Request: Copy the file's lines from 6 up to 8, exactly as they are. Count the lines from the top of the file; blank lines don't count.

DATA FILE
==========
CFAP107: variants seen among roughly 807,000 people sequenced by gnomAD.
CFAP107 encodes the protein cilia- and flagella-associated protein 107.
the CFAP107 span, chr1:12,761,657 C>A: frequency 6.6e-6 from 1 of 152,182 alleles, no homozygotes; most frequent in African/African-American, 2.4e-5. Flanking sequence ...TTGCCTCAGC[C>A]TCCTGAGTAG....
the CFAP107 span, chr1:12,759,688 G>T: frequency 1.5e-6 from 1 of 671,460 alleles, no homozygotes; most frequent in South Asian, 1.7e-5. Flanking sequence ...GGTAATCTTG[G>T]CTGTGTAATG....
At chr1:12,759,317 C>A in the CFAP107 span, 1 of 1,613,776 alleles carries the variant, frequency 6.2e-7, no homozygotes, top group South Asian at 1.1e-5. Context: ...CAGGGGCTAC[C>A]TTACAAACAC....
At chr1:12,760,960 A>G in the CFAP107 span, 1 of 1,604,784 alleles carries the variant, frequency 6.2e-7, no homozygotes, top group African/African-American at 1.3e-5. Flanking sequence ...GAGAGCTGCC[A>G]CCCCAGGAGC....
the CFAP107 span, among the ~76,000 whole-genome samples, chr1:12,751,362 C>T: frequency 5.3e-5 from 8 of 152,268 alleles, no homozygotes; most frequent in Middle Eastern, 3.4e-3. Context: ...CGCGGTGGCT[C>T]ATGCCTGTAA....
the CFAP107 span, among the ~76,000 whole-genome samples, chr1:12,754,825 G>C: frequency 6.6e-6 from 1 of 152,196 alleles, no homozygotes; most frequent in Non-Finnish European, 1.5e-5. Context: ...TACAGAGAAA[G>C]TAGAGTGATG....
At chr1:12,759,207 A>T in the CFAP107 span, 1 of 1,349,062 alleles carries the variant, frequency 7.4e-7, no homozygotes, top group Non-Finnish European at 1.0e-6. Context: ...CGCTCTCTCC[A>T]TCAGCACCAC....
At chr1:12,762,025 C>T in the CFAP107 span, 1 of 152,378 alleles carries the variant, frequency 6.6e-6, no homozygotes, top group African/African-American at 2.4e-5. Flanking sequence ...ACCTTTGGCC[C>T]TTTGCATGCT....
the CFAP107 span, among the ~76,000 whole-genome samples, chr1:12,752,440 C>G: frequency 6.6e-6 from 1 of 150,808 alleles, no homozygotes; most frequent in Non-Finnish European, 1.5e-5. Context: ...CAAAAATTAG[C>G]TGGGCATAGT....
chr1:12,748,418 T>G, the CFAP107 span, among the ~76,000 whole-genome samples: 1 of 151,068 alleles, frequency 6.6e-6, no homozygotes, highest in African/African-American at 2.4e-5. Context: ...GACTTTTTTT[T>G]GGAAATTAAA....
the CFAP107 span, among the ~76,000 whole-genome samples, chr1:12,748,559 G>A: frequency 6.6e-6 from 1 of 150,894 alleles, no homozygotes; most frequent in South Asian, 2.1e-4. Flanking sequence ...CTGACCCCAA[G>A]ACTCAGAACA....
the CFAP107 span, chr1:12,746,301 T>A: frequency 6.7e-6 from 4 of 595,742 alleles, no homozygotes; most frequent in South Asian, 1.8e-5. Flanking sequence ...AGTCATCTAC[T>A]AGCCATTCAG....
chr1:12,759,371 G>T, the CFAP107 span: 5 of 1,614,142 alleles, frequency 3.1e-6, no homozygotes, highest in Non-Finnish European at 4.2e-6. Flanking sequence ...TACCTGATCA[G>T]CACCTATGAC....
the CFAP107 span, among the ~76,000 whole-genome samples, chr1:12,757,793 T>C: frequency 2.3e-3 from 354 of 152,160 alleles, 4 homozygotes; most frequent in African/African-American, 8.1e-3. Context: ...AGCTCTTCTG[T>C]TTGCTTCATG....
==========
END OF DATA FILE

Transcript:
At chr1:12,760,960 A>G in the CFAP107 span, 1 of 1,604,784 alleles carries the variant, frequency 6.2e-7, no homozygotes, top group African/African-American at 1.3e-5. Flanking sequence ...GAGAGCTGCC[A>G]CCCCAGGAGC....
the CFAP107 span, among the ~76,000 whole-genome samples, chr1:12,751,362 C>T: frequency 5.3e-5 from 8 of 152,268 alleles, no homozygotes; most frequent in Middle Eastern, 3.4e-3. Context: ...CGCGGTGGCT[C>T]ATGCCTGTAA....
the CFAP107 span, among the ~76,000 whole-genome samples, chr1:12,754,825 G>C: frequency 6.6e-6 from 1 of 152,196 alleles, no homozygotes; most frequent in Non-Finnish European, 1.5e-5. Context: ...TACAGAGAAA[G>C]TAGAGTGATG....